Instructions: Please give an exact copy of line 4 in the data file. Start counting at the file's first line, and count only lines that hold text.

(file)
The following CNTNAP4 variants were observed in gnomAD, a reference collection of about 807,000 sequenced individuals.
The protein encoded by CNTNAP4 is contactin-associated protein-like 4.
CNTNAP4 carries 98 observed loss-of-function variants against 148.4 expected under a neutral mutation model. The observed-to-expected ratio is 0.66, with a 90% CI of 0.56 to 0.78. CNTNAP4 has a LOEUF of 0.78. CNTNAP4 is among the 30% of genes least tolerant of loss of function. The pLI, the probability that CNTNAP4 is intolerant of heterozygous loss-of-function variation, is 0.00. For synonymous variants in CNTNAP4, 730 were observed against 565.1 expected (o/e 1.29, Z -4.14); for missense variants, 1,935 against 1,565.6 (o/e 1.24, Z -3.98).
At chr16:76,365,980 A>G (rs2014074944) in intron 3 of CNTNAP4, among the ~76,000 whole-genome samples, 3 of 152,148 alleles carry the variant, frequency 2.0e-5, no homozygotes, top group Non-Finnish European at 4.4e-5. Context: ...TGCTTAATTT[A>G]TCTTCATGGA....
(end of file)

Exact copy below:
At chr16:76,365,980 A>G (rs2014074944) in intron 3 of CNTNAP4, among the ~76,000 whole-genome samples, 3 of 152,148 alleles carry the variant, frequency 2.0e-5, no homozygotes, top group Non-Finnish European at 4.4e-5. Context: ...TGCTTAATTT[A>G]TCTTCATGGA....